• The major downside is the center stack: the way in which the information is displayed is somewhat small and jumbled. In fact, it makes me wonder if the CT6’s digital gauge cluster should have a screen option dedicated for SuperCruise use—why would I need to see RPMs or oil temp if I’m in a mostly-autonomous mode?—that shows only the most pertinent SuperCruise information, like system status, vehicle speed, road map, etc. 
  • At a certain point, wide adoption of even semi-autonomous systems could change the layout of a car to account for the in-the-driver’s-seat-but-not-driving scenario.One of the benefits of putting over one thousand miles on the system in short order is that it really makes you consider how much a car is designed around a driver—which is to say, designed around the act of driving. You realize very quickly how uncomfortable a place the footwell is if your feet aren’t on the pedals, and the placement of the steering wheel means you wind up steepling your hands by your chin, or laying them flat on your thighs.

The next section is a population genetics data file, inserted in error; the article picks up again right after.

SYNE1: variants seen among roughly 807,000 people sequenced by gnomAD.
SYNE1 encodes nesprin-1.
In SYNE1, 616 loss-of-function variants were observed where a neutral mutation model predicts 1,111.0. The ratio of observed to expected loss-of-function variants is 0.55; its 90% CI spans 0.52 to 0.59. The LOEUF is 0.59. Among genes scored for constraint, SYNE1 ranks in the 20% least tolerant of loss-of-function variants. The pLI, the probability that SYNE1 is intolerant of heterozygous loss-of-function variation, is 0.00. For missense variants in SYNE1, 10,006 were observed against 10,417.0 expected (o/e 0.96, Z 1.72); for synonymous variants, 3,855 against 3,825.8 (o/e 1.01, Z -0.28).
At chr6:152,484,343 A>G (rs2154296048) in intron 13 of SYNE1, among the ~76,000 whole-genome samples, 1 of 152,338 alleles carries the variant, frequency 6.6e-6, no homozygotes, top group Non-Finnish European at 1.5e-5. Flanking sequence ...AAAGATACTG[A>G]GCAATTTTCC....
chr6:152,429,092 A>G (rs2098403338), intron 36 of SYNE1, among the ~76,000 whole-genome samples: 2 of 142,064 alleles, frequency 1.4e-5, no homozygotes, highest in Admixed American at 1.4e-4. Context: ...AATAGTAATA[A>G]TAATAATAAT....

• Or you hold your phone down kind of low and sneak a news story in fits and starts, despite the literal thousands of times you have referred to someone on their phone while behind the wheel as a “fucking idiot”—as in, “Jesus Christ, WOULD YOU LOOK AT THAT FUCKING IDIOT?“—and the almost ecstatic satisfaction that comes with shutting off your phone before a long drive. Good god, what has this technology made of me?